Of course, because Roberts' work is predicated upon small, subtle changes over time introduced with little fanfare, it requires a careful look at her comics in order to see precisely how she's evolved as an artist since her early days. The key to understanding her work is that though she talks about subjects that are sometimes quotidian and sometimes deeply personal and serious, Roberts always thinks like a performer. However deadpan she might be on a page, she tends to think of whether or not an audience might find this interesting or funny. I recently interviewed her as part of a panel at SPX on writing about having bipolar disorder, and when she really went off on a subject, she was hilarious. Her success as a humorist is a reflection of her overall wit and ability to think on her feet, combined with a sense later of how to capture moments like that on the page. She's not flashy as a performer or cartoonist and reminds me a great deal of Gabrielle Bell in that regard, only Roberts' perspective and subject matter is completely different. That said, they both seek to entertain their audiences.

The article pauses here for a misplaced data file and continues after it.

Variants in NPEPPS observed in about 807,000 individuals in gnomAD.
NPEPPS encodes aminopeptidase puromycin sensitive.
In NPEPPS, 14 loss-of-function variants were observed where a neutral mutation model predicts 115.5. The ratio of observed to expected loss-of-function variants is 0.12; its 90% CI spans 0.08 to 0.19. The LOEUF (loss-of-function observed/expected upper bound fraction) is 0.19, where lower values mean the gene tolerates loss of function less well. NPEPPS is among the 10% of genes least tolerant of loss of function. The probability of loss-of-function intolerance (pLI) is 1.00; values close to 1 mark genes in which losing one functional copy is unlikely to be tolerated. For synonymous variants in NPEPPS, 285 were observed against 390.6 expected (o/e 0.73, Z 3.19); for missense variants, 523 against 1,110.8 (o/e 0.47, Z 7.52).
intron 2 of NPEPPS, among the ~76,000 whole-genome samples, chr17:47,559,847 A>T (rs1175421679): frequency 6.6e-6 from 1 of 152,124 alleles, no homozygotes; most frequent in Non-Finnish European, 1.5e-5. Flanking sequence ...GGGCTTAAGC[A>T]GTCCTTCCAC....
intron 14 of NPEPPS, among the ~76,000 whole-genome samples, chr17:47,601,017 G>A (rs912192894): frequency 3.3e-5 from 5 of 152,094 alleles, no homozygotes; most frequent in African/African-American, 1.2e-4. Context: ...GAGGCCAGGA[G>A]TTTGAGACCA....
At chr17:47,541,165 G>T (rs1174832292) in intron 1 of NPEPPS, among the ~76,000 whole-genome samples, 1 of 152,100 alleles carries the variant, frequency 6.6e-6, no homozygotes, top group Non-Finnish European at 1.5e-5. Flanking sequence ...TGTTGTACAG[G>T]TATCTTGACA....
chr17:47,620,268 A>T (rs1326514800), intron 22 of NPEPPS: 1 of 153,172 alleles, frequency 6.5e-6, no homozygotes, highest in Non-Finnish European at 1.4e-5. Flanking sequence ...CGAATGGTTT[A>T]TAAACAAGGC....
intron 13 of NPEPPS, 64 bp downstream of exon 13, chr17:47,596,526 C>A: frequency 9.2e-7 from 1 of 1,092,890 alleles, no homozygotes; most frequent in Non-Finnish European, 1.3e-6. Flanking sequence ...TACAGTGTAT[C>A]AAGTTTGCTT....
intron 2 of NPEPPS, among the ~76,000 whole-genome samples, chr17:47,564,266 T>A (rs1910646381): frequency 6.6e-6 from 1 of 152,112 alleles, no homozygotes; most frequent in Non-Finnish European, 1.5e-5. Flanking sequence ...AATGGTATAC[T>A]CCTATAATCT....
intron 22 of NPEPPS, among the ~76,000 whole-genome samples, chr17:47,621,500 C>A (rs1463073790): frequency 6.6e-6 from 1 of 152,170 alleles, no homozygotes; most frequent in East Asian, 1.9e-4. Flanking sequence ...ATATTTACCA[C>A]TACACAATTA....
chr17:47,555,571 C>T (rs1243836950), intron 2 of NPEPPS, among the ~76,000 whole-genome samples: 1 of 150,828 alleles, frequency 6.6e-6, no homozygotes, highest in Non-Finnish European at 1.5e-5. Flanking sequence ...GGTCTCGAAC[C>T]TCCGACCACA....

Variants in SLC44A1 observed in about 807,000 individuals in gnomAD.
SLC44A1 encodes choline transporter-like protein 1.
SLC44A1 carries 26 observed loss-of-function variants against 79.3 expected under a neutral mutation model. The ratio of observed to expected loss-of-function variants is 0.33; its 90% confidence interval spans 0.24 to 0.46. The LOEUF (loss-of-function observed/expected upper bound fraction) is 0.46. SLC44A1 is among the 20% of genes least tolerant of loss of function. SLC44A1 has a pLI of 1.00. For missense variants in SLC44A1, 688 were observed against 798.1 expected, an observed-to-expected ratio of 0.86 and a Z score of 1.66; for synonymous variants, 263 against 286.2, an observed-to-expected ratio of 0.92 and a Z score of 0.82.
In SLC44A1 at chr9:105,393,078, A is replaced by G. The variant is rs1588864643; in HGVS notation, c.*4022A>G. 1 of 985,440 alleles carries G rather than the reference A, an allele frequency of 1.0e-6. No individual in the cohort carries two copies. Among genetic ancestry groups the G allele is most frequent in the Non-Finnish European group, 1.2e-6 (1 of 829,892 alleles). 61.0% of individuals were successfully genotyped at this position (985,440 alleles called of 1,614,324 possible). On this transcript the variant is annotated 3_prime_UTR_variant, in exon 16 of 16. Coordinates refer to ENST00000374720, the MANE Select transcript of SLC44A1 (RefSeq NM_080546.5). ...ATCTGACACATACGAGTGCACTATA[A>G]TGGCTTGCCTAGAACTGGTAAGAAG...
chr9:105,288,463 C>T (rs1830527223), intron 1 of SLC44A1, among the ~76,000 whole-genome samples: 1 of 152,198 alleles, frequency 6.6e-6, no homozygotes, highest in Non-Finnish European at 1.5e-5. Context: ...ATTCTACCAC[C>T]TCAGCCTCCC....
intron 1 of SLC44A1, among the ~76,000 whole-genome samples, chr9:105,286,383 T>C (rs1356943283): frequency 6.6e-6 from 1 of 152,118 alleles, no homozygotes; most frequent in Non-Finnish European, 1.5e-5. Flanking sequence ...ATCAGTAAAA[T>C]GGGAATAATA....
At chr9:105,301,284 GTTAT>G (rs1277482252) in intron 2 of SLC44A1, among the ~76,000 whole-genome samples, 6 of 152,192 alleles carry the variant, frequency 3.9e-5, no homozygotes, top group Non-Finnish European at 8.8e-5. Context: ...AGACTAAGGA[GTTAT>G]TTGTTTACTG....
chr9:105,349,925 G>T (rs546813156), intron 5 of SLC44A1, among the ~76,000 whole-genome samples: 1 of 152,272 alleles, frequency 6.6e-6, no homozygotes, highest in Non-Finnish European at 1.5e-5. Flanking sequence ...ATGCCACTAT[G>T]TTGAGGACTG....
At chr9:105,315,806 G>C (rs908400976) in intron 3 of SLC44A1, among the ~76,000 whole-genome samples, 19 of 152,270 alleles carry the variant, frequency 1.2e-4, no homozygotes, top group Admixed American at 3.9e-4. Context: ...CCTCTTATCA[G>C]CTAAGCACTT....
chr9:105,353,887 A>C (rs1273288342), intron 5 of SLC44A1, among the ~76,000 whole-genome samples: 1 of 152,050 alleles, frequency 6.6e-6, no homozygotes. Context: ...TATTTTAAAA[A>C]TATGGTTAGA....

That's why Roberts was initially reluctant to talk about having bipolar: she thought it might bore her audience. Powdered Milk was initially built on the wacky things that her young daughter Xia said and did, giving her an incredible amount of cute-kid material. However, Keiler's depression couldn't help but bleed through in her early work as she frequently drew herself crying without any context. Ultimately, she decided it was an important thing to share and naturally found ways to draw humor from depressive episodes later, as she was able to think about them from a different perspective. At that SPX panel, she joked that she made sure to develop a new disease or condition for each new book. Miseryland introduced bipolar, while Sunburning explored that further and introduced a host of neurological problems. Her new book, Chlorine Gardens (Koyama Press) introduced Multiple Sclerosis to the mix, and she joked that her next book will be about ringworm.